Reactivation of COVID-19 in a neurosurgical patient with early neuropsychiatric presentation. Does seroconversion mean immunity?

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Background: In the aftermath of COVID-19 outbreak, there is a strong need to find strategies to monitor SARSCoV-2 transmission. While the application of screening techniques plays a major role to this end, there is evidence challenging the real significance of seroconversion. We reported a case of COVID-19 reactivation associated with a neurosurgical operation with early neuropsychiatric involvement presumably promoted by olfactory and gustatory impairment in the first infection. Case Descriptio: A 57-year-old man was referred for a 2-month history of progressive development of imbalance, dizziness, and vomiting. Magnetic resonance imaging showed two bilateral hemispheric cerebellar lesions. In line with our triage protocol, the patient underwent a nasopharyngeal swab for RNA of SARS-CoV-2 detection, which resulted positive. Of note, the patient had reported in the previous month hyposmia and hypogeusia. After a period of 14 days, three new swabs were performed with negative results, leading the way to surgery. In the early post-operative period, the patient manifested acute onset of psychotic symptoms with hyperactive delirium, followed by fever and acute respiratory failure. A chest computed tomography revealed a specific pattern of ground-glass opacities in the lower lobes bilaterally, suggesting a viral pneumonia. Serological tests demonstrated the seroconversion and a new nasopharyngeal swab confirmed SARS-CoV-2 infection. Conclusion: Our report highlights the importance of comprehensive screening assessments in sensitive cases highly susceptible to COVID-19 recurrence.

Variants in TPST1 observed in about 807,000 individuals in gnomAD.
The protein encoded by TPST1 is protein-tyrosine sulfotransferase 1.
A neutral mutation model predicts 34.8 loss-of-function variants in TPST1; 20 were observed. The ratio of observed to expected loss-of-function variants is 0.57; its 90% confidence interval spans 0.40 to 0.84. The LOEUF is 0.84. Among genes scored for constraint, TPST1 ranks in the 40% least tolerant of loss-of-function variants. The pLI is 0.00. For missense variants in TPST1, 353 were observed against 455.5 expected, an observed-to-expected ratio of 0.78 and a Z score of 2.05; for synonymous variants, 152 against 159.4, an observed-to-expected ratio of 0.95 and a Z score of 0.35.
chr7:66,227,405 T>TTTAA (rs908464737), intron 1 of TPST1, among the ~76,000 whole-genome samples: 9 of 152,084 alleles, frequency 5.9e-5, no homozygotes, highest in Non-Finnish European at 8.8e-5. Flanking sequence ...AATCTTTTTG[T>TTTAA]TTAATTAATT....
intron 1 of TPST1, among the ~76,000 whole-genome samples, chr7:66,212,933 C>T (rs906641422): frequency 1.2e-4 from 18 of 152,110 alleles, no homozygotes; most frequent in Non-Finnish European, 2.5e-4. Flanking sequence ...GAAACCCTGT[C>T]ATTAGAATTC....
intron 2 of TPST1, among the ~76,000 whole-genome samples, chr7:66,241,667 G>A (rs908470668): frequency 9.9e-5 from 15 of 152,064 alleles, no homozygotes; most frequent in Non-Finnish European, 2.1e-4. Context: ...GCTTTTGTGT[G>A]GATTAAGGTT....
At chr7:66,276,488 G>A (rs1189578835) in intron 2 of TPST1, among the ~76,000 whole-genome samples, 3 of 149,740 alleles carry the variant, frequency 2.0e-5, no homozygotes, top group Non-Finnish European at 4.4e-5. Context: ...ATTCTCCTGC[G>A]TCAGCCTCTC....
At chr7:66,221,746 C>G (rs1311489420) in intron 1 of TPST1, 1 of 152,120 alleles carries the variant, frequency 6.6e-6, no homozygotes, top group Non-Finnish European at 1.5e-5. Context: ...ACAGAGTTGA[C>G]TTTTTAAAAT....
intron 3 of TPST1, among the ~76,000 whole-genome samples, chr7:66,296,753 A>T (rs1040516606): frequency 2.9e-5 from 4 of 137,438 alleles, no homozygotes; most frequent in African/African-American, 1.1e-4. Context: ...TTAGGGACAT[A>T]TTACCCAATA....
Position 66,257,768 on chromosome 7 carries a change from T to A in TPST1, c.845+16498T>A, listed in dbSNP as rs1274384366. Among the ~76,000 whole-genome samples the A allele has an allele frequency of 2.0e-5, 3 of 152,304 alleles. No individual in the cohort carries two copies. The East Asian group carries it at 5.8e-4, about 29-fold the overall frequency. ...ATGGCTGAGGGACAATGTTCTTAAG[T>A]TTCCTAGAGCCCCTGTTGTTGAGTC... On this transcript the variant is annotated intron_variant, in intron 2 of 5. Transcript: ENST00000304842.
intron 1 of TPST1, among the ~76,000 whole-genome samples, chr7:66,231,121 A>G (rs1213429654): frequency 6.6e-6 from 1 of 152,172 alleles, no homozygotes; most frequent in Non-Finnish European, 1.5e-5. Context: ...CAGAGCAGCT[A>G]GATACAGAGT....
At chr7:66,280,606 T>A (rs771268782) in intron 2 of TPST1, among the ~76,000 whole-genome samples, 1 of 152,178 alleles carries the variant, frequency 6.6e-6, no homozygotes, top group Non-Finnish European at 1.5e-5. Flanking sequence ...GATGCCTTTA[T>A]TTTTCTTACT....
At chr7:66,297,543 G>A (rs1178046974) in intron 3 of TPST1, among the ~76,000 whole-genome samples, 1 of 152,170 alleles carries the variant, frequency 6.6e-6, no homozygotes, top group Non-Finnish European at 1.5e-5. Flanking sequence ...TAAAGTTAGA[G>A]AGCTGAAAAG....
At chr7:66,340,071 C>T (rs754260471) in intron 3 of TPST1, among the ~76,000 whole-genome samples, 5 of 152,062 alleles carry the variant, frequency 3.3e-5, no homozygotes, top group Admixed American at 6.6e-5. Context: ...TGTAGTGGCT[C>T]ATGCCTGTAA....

Original languageEnglish
Article number166
JournalSurgical Neurology International
Publication statusPublished - Apr 19 2021


  • COVID-19
  • Neuropsychiatric presentation
  • Neurosurgery
  • Reactivation
  • SARS-CoV-2
  • Seroconversion

ASJC Scopus subject areas

  • Surgery
  • Clinical Neurology


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